Ottawa vows to fight for Line 5 in Michigan
The federal government won’t let Michigan shut down the Line 5 pipeline, Canada’s natural resources minister said Thursday as he dismissed opposition comparisons to the thwarted Keystone XL project.
Seamus O’Regan sounded almost combative as he vowed to defend the 1,000-kilometre line, which bridges an environmentally sensitive part of the Great Lakes to link Wisconsin with refineries in Sarnia, Ont.
“We are fighting for Line 5 on every front and we are confident in that fight,” O’Regan told a special House of Commons committee on the relationship between Canada and the United States.
The Enbridge Inc. pipeline carries an estimated 540,000 daily barrels worth of oil and natural gas liquids, and is vital to the energy and employment needs of Ontario, Alberta and Quebec, as well as northern U.S. states, he added.
“We are fighting on a diplomatic front, and we are preparing to invoke whatever measures we need to in order to make sure that Line 5 remains operational. The operation of Line 5 is non-negotiable.”
In November, Michigan Gov. Gretchen Whitmer ordered Line 5 to be shut down by May, accusing Calgary-based Enbridge of violating the terms of the deal that allows the line to traverse the bottom of the Straits of Mackinac.
The straits, which link Lake Michigan and Lake Huron, boast powerful, rapidly changing currents that experts have said make the area the worst possible place for an oil spill in the Great Lakes.
Pipeline opponents in the U.S. — many of the same voices who helped make TC Energy’s proposed Keystone XL expansion an environmental rallying point over the last decade — have vowed to see it shut down.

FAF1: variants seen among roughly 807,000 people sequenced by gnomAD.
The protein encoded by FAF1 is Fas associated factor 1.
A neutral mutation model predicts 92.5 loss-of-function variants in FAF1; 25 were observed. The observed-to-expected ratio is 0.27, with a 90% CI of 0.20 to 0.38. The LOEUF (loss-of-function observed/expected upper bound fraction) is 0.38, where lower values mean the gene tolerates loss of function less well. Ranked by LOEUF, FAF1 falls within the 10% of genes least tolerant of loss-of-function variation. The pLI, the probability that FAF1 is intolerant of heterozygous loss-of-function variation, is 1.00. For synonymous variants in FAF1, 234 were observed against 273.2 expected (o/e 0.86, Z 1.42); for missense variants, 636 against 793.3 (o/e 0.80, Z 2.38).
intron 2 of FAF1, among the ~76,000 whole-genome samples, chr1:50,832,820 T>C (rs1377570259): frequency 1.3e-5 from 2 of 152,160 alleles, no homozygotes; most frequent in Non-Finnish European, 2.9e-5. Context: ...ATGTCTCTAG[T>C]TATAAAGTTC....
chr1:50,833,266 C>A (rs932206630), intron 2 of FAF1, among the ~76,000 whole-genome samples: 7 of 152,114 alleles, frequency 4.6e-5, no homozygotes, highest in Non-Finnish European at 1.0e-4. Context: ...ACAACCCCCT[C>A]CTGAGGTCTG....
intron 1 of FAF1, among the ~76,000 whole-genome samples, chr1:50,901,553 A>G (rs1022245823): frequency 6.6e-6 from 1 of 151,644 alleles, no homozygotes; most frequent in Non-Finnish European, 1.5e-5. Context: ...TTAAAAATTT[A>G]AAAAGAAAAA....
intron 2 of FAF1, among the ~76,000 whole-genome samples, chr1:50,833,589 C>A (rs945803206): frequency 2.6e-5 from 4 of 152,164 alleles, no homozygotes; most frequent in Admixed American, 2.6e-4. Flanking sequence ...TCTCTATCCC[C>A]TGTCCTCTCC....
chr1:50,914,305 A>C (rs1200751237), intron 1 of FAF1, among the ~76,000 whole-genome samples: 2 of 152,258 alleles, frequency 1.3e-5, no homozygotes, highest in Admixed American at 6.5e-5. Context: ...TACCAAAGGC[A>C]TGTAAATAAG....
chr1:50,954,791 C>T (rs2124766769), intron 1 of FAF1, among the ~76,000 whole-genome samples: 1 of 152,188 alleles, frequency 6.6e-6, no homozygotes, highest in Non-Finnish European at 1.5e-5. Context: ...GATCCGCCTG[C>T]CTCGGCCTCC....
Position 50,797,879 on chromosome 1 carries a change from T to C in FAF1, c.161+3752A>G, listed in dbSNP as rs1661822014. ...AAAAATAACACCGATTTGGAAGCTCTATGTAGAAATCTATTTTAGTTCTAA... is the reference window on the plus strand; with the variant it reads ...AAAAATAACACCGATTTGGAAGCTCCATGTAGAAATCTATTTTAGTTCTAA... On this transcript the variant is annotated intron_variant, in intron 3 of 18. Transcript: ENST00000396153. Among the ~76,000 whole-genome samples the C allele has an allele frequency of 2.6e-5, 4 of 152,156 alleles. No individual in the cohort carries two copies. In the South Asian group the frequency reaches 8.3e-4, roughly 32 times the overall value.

Enbridge, which has plans to fortify the underwater segment of the line by routing it through a tunnel under the lake bed, is fighting Whitmer’s order in court.
Kirsten Hillman, Canada’s ambassador to the U.S., said Michigan’s concerns over Line 5 predate Whitmer and have been a topic of frequent discussion for embassy officials since 2017.
Diplomats and governments will play a role in finding a solution, but resolving the dispute will likely come down to the state government and Enbridge, she suggested.
“Line 5 is a crucial piece of energy infrastructure for Canada, but also for the United States — that is a core and principal message that we’re giving,” Hillman told the committee.
She echoed O’Regan’s points about the potential impact not only on Canada, but on Michigan and Ohio as well, noting that the pipeline has been operating safely for more than half a century.
“We support, full-throatedly and very actively, the continuous safe operation of that pipeline,” Hillman said.
“The solution to this will come about through diplomatic and advocacy means, but it will also come about through negotiations between the company and the governor of the territory through which it’s going.”
O’Regan was unequivocal Thursday when asked if he believes the governor’s concerns have any merit.
“No I do not,” he replied. “This is a safe pipeline, it has always been a safe pipeline, (and) the owner is taking further measures to make sure it has continued safe operation.”
O’Regan also took pains to insist he remains “confident” that Enbridge and Michigan will reach an agreement to allow the line to continue to operate before Whitmer’s drop-dead date in May.
Conservative MP Mark Strahl noted that the federal government had failed to prevent U.S. President Joe Biden from cancelling Keystone XL, and pressed O’Regan on how the plan for Line 5 was different.
“It sounds an awful lot like the plan to advocate for Line 5 is a carbon copy of the plan to advocate for Keystone XL,” Strahl said. “Why are you expecting a different result?”
“These are very different,” O’Regan said as he defended the federal Liberal efforts on Keystone XL, which Biden cancelled on his first day in the White House.
He also said he expressed Canada’s defence of both pipelines to U.S. Energy Secretary Jennifer Granholm when the two spoke for the first time on Wednesday.